Beware of Scams That Target Small Businesses

Whenever my friends invite me to small eateries, I seriously but jokingly say, “I like to eat at places I know there’s a corporation I can sue if there’s a problem.” I occasionally make exceptions but this is my personal policy. You see, I went to business school and I find that my rudimentary knowledge of businesses has cause me to be somewhat overcautious. But, honestly, I’d rather be overcautious than sorry.

One of the trademarks of our current climate is distrust for large corporations and the tendency for people to take chances on newer, smaller businesses. One one hand, I wouldn’t have a business without a moderate amount of confidence in small businesses. But on the other hand, I have to vet who I use for not only my personal needs, but also my business needs.

I just watched a special on Hulu The Housewife & the Shah Shocker. To say the least, I am deeply disturbed. I will not speculate about whether Jen Shah is innocent or guilty. My concern is that I do my part to help spread vital awareness for small business owners.

As laid out in the Hulu/ ABC special, there are criminals who prey on the way people tend to trust small unverified sources. These people use the internet and the data you revel and allow access to against you.

In this time of social media influencers demonstrating they can get rich quick from selling products or even just their personality to get a music or acting career, malicious people pose as successful social media influencers, marketing experts, and successful business owners offering advice.

Twenty years ago, I could have never predicted the success and popularity of this gig economy. With the loss of inexpensive education, job security and pensions our grandparents had, people genuinely need work. Many work in terrible work conditions, have illnesses that limit their ability to work, or have childcare concerns that all affect their ability to work a 40 hour work week. Many desire to become successful quickly, quickly solve financial problems or change their  current situation.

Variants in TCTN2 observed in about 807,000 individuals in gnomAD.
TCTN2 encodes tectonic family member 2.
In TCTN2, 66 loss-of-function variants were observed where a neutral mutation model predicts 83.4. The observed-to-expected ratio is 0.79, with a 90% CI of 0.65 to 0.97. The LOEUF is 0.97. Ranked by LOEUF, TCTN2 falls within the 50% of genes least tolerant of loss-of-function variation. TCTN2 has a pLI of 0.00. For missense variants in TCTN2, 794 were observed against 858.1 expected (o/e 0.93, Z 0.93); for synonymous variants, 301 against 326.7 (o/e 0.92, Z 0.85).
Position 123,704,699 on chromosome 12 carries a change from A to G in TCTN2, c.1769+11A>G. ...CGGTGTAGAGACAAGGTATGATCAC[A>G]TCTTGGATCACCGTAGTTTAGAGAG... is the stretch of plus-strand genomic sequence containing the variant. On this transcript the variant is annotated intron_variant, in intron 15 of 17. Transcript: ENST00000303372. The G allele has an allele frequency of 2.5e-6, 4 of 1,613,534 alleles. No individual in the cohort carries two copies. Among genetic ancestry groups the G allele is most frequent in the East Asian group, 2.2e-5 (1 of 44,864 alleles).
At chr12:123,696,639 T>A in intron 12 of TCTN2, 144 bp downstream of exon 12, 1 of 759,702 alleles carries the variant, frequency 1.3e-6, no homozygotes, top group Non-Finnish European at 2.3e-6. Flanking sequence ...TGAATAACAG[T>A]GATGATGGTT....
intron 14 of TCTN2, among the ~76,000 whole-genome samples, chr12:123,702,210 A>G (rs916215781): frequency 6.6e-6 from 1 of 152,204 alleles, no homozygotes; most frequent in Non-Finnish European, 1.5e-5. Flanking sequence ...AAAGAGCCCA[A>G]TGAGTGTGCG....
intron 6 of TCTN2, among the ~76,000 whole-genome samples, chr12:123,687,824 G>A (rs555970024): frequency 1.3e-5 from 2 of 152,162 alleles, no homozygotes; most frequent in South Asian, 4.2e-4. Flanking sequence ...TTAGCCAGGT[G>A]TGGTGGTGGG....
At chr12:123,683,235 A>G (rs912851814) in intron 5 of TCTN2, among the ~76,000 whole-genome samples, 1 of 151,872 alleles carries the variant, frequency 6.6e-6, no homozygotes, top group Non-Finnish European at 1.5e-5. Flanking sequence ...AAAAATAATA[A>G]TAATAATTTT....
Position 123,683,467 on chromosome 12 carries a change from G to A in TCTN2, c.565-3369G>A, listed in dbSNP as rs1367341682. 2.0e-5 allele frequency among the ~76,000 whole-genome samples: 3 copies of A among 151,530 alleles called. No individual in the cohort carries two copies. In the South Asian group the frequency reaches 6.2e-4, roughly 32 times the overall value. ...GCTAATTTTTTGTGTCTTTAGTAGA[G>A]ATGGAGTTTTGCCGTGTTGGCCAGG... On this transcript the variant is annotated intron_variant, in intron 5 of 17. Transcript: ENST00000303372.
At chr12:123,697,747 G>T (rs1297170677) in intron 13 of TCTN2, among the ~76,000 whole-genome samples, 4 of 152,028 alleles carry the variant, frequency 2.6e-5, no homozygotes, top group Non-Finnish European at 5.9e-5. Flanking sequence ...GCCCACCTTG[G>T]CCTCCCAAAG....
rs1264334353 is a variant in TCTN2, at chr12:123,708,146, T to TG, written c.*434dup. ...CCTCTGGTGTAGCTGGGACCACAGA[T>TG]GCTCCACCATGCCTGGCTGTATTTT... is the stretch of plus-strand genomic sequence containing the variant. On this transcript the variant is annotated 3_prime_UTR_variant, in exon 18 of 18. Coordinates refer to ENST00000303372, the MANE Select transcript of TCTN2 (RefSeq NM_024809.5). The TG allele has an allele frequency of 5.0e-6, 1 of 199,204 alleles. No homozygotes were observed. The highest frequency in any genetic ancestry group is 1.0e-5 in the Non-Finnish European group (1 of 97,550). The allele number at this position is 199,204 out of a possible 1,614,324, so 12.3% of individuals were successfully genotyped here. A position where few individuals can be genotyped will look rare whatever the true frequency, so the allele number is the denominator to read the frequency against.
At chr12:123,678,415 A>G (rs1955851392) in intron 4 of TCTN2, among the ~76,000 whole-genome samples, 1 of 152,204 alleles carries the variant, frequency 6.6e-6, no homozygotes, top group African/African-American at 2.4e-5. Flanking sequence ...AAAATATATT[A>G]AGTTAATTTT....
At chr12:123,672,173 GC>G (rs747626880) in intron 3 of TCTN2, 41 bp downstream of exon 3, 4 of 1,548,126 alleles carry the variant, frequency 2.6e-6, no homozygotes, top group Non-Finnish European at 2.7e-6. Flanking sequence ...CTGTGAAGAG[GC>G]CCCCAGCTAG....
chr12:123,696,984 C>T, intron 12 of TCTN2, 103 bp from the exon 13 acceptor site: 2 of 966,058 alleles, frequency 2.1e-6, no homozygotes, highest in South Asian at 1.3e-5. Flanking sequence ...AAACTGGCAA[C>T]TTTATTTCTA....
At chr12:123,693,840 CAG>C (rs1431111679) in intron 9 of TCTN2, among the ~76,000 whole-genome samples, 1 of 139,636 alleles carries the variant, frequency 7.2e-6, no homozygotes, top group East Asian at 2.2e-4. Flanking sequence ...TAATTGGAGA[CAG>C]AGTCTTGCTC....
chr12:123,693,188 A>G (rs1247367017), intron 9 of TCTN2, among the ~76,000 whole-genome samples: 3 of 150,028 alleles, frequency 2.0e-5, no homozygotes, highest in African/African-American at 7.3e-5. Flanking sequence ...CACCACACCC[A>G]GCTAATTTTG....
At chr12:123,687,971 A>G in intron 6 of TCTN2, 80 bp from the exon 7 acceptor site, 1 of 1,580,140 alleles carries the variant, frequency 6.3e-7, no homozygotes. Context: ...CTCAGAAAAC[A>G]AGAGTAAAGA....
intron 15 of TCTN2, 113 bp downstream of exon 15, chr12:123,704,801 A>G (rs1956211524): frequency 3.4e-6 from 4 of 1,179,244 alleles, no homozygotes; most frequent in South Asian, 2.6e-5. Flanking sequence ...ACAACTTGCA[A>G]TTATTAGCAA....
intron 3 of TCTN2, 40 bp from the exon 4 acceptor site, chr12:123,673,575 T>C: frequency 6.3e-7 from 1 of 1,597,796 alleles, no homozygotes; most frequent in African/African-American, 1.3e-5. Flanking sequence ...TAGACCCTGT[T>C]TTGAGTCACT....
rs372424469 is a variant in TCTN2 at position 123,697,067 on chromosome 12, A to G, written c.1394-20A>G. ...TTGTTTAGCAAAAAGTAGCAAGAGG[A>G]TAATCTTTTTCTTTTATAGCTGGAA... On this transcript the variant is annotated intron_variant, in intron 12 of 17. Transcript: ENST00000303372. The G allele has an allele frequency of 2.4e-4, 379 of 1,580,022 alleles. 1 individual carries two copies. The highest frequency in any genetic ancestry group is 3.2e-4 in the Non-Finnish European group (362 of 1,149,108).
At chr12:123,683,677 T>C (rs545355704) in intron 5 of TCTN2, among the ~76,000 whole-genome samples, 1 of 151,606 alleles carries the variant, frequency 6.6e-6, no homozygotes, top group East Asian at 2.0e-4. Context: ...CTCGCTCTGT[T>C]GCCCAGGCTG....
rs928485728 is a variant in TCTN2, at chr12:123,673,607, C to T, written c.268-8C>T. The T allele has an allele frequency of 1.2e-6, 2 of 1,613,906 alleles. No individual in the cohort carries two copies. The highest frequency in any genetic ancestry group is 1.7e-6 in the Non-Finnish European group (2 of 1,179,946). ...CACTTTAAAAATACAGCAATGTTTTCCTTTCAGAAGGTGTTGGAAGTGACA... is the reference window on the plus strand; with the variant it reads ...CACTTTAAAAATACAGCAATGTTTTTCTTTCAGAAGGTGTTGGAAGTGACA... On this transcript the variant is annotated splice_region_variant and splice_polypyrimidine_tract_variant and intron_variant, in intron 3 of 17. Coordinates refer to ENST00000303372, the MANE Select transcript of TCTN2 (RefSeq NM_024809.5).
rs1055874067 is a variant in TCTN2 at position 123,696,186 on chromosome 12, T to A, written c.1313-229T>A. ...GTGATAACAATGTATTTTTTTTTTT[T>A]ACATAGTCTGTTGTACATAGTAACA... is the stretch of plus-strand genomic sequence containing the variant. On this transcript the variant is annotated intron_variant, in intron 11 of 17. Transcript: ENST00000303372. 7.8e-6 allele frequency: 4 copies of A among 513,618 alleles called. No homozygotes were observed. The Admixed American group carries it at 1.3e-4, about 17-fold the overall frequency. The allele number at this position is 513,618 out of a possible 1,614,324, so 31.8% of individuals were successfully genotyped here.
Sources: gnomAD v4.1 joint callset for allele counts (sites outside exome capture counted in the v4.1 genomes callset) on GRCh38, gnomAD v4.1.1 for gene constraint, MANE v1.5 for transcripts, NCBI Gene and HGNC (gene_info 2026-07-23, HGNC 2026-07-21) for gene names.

All of these lead to desperation.

This is what scammers prey on.

I have many friends like me who own small businesses in addition to or instead of working at a traditional job. It’s very likely I know someone who has been scammed.

What people don’t understand…what I didn’t understand is that the way people become victim to as scam is so much more complex than one scammer getting lucky and taking money from someone. It’s way more insidious.

You may simply apply for a work at home job or answer an ad for assistance building a website or pay someone who promises followers on social media or maybe you just post your idea or product online. Criminals spend whole work days trolling social media looking for people to target. They call it lead generation. (On that note, be careful answering ads to work as a lead generator. They pay well but you are at least a scammer that is providing information to criminals and at most, you will be asked to engage in criminal activity.) After you respond to one ad or pay for one service, they sell your information over and over to people who will relentlessly suggest goods and services to you. you may feel lucky that opportunities are falling into place for you. Before you know it, you are spending money you don’t have.